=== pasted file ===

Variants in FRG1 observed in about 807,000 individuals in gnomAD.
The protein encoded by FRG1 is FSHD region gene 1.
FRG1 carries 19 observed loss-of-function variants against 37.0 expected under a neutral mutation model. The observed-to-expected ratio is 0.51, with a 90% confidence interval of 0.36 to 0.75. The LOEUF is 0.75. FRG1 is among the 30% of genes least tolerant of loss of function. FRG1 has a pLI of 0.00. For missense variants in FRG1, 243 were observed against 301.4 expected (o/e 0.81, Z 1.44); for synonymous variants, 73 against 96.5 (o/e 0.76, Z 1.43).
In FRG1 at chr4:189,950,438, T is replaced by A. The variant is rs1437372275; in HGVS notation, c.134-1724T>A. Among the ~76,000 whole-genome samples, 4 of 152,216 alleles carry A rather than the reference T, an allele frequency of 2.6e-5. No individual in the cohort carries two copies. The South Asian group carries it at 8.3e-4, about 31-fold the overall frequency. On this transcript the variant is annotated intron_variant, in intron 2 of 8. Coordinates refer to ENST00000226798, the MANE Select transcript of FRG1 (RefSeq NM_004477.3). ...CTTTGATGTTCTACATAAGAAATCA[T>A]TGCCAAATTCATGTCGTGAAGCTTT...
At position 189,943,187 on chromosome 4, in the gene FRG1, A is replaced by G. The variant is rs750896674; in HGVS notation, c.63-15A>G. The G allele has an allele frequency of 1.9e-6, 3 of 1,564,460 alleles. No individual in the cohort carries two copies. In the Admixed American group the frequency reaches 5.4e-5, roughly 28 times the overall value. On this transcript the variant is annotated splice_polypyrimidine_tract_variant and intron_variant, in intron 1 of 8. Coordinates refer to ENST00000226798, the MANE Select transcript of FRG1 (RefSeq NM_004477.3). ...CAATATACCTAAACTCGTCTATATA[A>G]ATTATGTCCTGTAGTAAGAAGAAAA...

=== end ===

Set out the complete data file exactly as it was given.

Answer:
Variants in FRG1 observed in about 807,000 individuals in gnomAD.
The protein encoded by FRG1 is FSHD region gene 1.
FRG1 carries 19 observed loss-of-function variants against 37.0 expected under a neutral mutation model. The observed-to-expected ratio is 0.51, with a 90% confidence interval of 0.36 to 0.75. The LOEUF is 0.75. FRG1 is among the 30% of genes least tolerant of loss of function. FRG1 has a pLI of 0.00. For missense variants in FRG1, 243 were observed against 301.4 expected (o/e 0.81, Z 1.44); for synonymous variants, 73 against 96.5 (o/e 0.76, Z 1.43).
In FRG1 at chr4:189,950,438, T is replaced by A. The variant is rs1437372275; in HGVS notation, c.134-1724T>A. Among the ~76,000 whole-genome samples, 4 of 152,216 alleles carry A rather than the reference T, an allele frequency of 2.6e-5. No individual in the cohort carries two copies. The South Asian group carries it at 8.3e-4, about 31-fold the overall frequency. On this transcript the variant is annotated intron_variant, in intron 2 of 8. Coordinates refer to ENST00000226798, the MANE Select transcript of FRG1 (RefSeq NM_004477.3). ...CTTTGATGTTCTACATAAGAAATCA[T>A]TGCCAAATTCATGTCGTGAAGCTTT...
At position 189,943,187 on chromosome 4, in the gene FRG1, A is replaced by G. The variant is rs750896674; in HGVS notation, c.63-15A>G. The G allele has an allele frequency of 1.9e-6, 3 of 1,564,460 alleles. No individual in the cohort carries two copies. In the Admixed American group the frequency reaches 5.4e-5, roughly 28 times the overall value. On this transcript the variant is annotated splice_polypyrimidine_tract_variant and intron_variant, in intron 1 of 8. Coordinates refer to ENST00000226798, the MANE Select transcript of FRG1 (RefSeq NM_004477.3). ...CAATATACCTAAACTCGTCTATATA[A>G]ATTATGTCCTGTAGTAAGAAGAAAA...